Emergency Air Medical Transport Does Not Mean Bankruptcy 


Idahoans don’t need to fear the bill that comes with a medical emergency 

SALMON, ID, MAY 24, 2024 – There was a time when horror stories about the cost of air ambulance service had people not only fearing a medical emergency, but also sweating over how to pay the bills that were sure to follow. To help avoid a large, unexpected bill, Idahoans were encouraged to pay a monthly or annual fee for a membership with an air medical transport provider. Air medical memberships are an unregulated type of insurance, covering a service that is highly unlikely to ever be needed by most people. Thankfully those days are gone. When an emergency strikes, people no longer face huge air ambulance bills and don’t need to pay for memberships either.  

When Congress passed the “No Surprises Act” in 2021, it put an end to surprise medical billing. Under the Act, which went into effect on January 1, 2022, insured patients are only responsible for their deductible, copay, or coinsurance up to the maximum out-of-pocket amount listed in their policies. It doesn’t matter who the insurance provider is, what air medical service is used, or if the provider is in or out of network – patients cannot be charged more than the maximum out-of-pocket agreed to in their policy. 

Additionally, emergency air medical transportation is a covered benefit for people with Medicare Part B or Medicaid. Patients with Medicaid have no deductible, and those with Medicare commonly carry supplemental (“Medigap”) policies that cover deductibles, copays, or coinsurance for air medical services.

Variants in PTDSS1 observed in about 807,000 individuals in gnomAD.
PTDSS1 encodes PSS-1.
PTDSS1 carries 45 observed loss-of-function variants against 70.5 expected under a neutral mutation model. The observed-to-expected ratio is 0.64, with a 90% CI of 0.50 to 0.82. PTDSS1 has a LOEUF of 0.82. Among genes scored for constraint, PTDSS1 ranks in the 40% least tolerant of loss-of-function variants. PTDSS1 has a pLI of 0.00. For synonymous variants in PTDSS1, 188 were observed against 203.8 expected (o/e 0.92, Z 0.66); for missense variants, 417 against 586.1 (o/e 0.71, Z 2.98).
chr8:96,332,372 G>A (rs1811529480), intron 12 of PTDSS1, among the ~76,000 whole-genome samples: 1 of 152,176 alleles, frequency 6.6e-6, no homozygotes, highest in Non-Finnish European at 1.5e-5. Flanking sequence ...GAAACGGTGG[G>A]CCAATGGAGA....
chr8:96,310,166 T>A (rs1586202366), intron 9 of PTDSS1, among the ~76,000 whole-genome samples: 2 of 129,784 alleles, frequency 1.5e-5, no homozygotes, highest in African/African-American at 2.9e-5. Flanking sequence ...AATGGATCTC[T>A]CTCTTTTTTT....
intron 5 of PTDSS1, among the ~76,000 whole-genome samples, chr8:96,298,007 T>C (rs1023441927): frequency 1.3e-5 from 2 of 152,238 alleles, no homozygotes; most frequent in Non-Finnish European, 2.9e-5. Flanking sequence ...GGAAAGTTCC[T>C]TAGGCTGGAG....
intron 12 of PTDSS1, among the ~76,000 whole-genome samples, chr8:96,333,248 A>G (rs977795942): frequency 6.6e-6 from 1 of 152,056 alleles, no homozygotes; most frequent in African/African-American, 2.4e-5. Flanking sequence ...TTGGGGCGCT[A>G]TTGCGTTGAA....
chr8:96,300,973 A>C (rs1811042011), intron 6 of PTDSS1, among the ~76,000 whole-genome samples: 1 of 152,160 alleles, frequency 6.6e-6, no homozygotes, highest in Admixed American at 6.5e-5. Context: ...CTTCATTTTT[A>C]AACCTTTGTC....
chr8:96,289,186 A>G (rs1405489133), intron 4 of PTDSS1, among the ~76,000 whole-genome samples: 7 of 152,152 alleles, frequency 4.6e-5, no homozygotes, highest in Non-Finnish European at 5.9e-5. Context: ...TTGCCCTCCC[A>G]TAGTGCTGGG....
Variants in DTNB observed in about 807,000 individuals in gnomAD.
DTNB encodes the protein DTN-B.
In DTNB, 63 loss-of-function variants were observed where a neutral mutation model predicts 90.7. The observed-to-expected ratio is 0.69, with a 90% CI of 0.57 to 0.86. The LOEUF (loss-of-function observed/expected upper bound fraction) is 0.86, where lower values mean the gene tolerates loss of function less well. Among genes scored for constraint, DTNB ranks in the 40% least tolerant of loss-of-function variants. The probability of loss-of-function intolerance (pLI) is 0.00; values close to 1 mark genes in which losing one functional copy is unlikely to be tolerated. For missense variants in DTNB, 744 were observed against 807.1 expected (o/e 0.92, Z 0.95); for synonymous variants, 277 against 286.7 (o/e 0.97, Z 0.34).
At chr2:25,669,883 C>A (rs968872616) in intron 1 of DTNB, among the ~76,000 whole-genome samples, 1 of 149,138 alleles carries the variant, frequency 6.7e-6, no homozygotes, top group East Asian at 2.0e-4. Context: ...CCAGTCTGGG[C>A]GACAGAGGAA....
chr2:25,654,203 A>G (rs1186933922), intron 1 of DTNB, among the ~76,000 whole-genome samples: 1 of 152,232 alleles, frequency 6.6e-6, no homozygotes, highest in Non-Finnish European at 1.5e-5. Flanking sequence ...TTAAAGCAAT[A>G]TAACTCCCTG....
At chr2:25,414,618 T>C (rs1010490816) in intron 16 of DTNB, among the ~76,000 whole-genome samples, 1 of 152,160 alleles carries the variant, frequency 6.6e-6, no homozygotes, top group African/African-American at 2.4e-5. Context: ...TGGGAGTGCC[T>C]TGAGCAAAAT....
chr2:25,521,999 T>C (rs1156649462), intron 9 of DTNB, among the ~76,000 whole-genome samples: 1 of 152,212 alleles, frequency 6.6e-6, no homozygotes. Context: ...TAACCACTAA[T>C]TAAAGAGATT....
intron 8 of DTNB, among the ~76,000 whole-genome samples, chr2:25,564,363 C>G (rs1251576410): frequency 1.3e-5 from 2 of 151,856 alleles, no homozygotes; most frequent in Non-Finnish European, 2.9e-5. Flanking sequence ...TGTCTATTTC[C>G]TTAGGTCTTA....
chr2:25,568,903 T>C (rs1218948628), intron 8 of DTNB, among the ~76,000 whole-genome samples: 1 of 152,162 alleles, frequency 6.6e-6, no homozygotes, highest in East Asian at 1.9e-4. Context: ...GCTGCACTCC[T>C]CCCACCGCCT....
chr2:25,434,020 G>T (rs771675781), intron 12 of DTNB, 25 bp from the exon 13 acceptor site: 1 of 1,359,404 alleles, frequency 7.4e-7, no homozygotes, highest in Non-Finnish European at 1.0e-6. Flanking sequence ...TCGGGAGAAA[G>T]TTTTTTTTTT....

Last July, Todd Simmons was working on his ranch in Birch Creek when blood clots blocked the main vessel in his heart, causing a heart attack. His wife was 40 miles away at their home in Mud Lake when she got the call that her husband was in trouble. 

“There are no services in Birch Creek,” said Paulynn Simmons. “He was driven in one vehicle to Mud Lake where he could meet the ambulance, then the ambulance drove to where they could meet the Air Idaho Rescue helicopter. It took about 45 minutes.”  

This was Todd Simmons’ eighth heart attack, so the Air Idaho Rescue clinical team provided life-saving care while transporting him to East Idaho Regional Medical Center (EIRMC) where he underwent a delicate procedure to carefully remove the clots and was able to return home within a couple of days. 

“We had a membership with a different air ambulance company, but they don’t fly to EIRMC,” said Paulynn Simmons.” When her bills from Air Idaho Rescue arrived, she called their patient advocacy department who worked with her to determine an amount she could afford. 

“Our cost for the flight was over $63,000, and their health insurance paid $12,783.18,” said Jeff Loew, patient relations supervisor with Air Methods, the parent company of Air Idaho Rescue. “Under the No Surprises Act, patients are not responsible for that difference. We work that out with the insurance company without putting the patient in the middle. In this case, under the Simmons’ insurance plan, they were responsible for a deductible and co-insurance totaling $5,942.22, but they contacted us and worked with a patient advocate who reviewed their financial circumstances, and we were able to reduce their bill to only $2,000.”